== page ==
Supplementary Material for: A Methyl-Deficient Diet Modifies Early B Cell Development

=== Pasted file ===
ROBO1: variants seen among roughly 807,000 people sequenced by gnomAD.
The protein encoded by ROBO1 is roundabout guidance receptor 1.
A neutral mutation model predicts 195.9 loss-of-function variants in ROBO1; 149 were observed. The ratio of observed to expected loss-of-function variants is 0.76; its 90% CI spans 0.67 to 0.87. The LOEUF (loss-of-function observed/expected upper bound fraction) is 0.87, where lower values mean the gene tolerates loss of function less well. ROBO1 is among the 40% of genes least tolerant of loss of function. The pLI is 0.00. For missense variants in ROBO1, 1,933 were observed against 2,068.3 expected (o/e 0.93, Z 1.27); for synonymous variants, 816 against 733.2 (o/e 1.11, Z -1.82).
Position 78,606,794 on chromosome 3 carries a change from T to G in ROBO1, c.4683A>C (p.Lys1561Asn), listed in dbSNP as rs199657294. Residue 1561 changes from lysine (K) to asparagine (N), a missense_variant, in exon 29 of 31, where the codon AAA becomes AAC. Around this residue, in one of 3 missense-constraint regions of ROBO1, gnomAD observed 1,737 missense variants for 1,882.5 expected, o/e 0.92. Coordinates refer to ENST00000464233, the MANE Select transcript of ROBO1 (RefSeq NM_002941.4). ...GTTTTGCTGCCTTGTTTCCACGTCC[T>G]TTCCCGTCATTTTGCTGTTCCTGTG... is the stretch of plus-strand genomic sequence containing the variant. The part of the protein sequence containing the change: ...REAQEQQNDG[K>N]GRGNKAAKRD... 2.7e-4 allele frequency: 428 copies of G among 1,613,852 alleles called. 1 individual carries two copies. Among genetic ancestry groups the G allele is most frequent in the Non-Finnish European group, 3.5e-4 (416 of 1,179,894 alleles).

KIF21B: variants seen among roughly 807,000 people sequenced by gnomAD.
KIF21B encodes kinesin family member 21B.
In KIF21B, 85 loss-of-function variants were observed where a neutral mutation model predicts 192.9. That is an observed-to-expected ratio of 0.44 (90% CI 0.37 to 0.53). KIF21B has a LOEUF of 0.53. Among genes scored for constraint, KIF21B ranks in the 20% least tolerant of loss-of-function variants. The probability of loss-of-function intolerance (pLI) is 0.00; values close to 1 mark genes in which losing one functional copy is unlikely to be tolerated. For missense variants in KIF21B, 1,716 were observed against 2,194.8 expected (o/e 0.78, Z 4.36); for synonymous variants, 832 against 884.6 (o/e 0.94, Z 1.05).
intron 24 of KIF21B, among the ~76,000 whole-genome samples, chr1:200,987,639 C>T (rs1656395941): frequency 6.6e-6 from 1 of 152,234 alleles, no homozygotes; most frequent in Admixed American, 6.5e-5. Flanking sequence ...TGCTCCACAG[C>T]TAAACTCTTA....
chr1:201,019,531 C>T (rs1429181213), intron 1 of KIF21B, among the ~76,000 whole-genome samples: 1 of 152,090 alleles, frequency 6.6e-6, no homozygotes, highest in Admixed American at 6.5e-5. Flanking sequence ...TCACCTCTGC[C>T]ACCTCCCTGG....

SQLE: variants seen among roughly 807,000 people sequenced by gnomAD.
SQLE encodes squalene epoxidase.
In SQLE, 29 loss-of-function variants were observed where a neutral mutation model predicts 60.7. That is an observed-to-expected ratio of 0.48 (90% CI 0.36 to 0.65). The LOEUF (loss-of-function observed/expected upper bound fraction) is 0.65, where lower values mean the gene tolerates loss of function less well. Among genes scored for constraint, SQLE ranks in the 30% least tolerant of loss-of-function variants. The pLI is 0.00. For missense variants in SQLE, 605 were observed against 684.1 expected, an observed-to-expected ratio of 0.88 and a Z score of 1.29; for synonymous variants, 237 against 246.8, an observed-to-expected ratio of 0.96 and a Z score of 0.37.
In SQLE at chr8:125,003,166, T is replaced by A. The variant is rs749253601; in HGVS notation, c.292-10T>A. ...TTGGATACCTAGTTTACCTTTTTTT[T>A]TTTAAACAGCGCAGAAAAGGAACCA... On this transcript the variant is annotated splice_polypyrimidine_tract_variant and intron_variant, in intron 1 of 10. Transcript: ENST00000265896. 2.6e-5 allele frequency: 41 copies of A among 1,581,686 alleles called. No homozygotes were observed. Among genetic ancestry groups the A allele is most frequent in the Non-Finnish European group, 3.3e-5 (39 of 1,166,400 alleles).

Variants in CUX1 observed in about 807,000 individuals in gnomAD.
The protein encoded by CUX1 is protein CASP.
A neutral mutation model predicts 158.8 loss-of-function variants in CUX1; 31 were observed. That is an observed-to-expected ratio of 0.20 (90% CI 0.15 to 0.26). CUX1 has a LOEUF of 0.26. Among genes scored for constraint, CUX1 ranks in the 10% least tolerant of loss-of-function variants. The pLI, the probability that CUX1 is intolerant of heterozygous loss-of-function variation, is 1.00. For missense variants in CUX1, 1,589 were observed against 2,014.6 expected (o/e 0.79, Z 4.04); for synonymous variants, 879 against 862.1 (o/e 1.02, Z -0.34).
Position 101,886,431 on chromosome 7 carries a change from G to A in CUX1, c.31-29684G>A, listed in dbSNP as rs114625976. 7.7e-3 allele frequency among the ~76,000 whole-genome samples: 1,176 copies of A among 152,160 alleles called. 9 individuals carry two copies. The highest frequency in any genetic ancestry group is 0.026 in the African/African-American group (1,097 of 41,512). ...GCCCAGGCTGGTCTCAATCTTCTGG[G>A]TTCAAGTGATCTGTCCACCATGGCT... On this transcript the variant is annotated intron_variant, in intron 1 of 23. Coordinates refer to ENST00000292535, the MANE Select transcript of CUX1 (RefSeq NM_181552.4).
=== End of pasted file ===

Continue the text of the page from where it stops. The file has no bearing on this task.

A functional methyl group donor is essential for the epigenetic regulation of all biological events due to the importance of DNA methylation and histone methylation as an epigenetic marker. However, the epigenetic alterations in the immune system due to methyl donor deficiency are not well known. In this study, we tried to address this question by studying the lymphocyte development and DNA methylation changes caused by a methyl-deficient diet (MDD). We fed one group of C57BL/6J mice with a methyl-sufficient diet (MSD) and the other group with an MDD for 5 months. Flow cytometry analyses of their immune systems showed a decrease in B220+ IgM+ (immature B) cells and an increase in B220+ IgM– (pro/pre-B) cells in the bone marrow of mice fed an MDD. By means of an in vitro OP9 coculture system, we recognized that this B220+ IgM– cell fraction from the MDD has an intrinsic developmental defect. When we quantitatively measured the mRNA expression levels of transcription factors and recombination machinery related to B cell development in the B220+ IgM– cell fraction of their bone marrow, we found that <i>ADA, EBF1, DNTT </i>and <i>Pax5 </i>mRNA expression levels were significantly downregulated in mice fed with an MDD. In addition, there was a drastic decrease in histone methylation profile H3K4me3 in the <i>Pax5 </i>and <i>EBF1 </i>promoters in these B220+ IgM– B cells. However, CpG-DNA methylation profiles had not changed and this revealed that these two promoters are demethylated even under an MSD condition. We also found changed expression levels of the <i>Polycomb </i>group genes <i>(mel18</i>, <i>bmi1</i>, <i>Pc1</i>, <i>Pc2</i>, <i>Ring1A</i>, <i>Ring1B</i>, <i>Ph1)</i> on semi-quantitative RT-PCR. These results indicate that under an MDD condition, early B cell development in bone marrow is easily affected by epigenetic alterations.